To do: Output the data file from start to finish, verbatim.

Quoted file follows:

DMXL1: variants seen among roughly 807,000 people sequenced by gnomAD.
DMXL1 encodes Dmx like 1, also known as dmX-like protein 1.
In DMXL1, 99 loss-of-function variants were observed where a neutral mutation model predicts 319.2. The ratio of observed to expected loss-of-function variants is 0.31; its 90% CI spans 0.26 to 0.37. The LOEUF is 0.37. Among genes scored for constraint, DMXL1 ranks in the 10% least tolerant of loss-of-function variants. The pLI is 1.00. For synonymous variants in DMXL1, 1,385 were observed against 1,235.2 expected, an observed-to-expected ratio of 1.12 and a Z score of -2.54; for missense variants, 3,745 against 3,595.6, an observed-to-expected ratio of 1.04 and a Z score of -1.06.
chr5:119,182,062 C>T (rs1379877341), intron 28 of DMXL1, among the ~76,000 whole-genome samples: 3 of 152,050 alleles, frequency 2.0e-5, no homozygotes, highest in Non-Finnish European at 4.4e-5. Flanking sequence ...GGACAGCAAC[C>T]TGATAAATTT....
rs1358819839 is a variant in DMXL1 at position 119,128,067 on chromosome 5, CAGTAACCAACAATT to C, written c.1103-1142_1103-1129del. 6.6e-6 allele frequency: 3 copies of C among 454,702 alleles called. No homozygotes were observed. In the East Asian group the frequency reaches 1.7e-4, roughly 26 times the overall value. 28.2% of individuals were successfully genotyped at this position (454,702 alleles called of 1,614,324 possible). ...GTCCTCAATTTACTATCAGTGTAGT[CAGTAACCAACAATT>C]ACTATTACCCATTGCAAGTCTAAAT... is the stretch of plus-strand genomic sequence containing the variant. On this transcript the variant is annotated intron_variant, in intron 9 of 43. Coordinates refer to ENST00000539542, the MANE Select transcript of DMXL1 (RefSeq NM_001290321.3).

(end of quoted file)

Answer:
DMXL1: variants seen among roughly 807,000 people sequenced by gnomAD.
DMXL1 encodes Dmx like 1, also known as dmX-like protein 1.
In DMXL1, 99 loss-of-function variants were observed where a neutral mutation model predicts 319.2. The ratio of observed to expected loss-of-function variants is 0.31; its 90% CI spans 0.26 to 0.37. The LOEUF is 0.37. Among genes scored for constraint, DMXL1 ranks in the 10% least tolerant of loss-of-function variants. The pLI is 1.00. For synonymous variants in DMXL1, 1,385 were observed against 1,235.2 expected, an observed-to-expected ratio of 1.12 and a Z score of -2.54; for missense variants, 3,745 against 3,595.6, an observed-to-expected ratio of 1.04 and a Z score of -1.06.
chr5:119,182,062 C>T (rs1379877341), intron 28 of DMXL1, among the ~76,000 whole-genome samples: 3 of 152,050 alleles, frequency 2.0e-5, no homozygotes, highest in Non-Finnish European at 4.4e-5. Flanking sequence ...GGACAGCAAC[C>T]TGATAAATTT....
rs1358819839 is a variant in DMXL1 at position 119,128,067 on chromosome 5, CAGTAACCAACAATT to C, written c.1103-1142_1103-1129del. 6.6e-6 allele frequency: 3 copies of C among 454,702 alleles called. No homozygotes were observed. In the East Asian group the frequency reaches 1.7e-4, roughly 26 times the overall value. 28.2% of individuals were successfully genotyped at this position (454,702 alleles called of 1,614,324 possible). ...GTCCTCAATTTACTATCAGTGTAGT[CAGTAACCAACAATT>C]ACTATTACCCATTGCAAGTCTAAAT... is the stretch of plus-strand genomic sequence containing the variant. On this transcript the variant is annotated intron_variant, in intron 9 of 43. Coordinates refer to ENST00000539542, the MANE Select transcript of DMXL1 (RefSeq NM_001290321.3).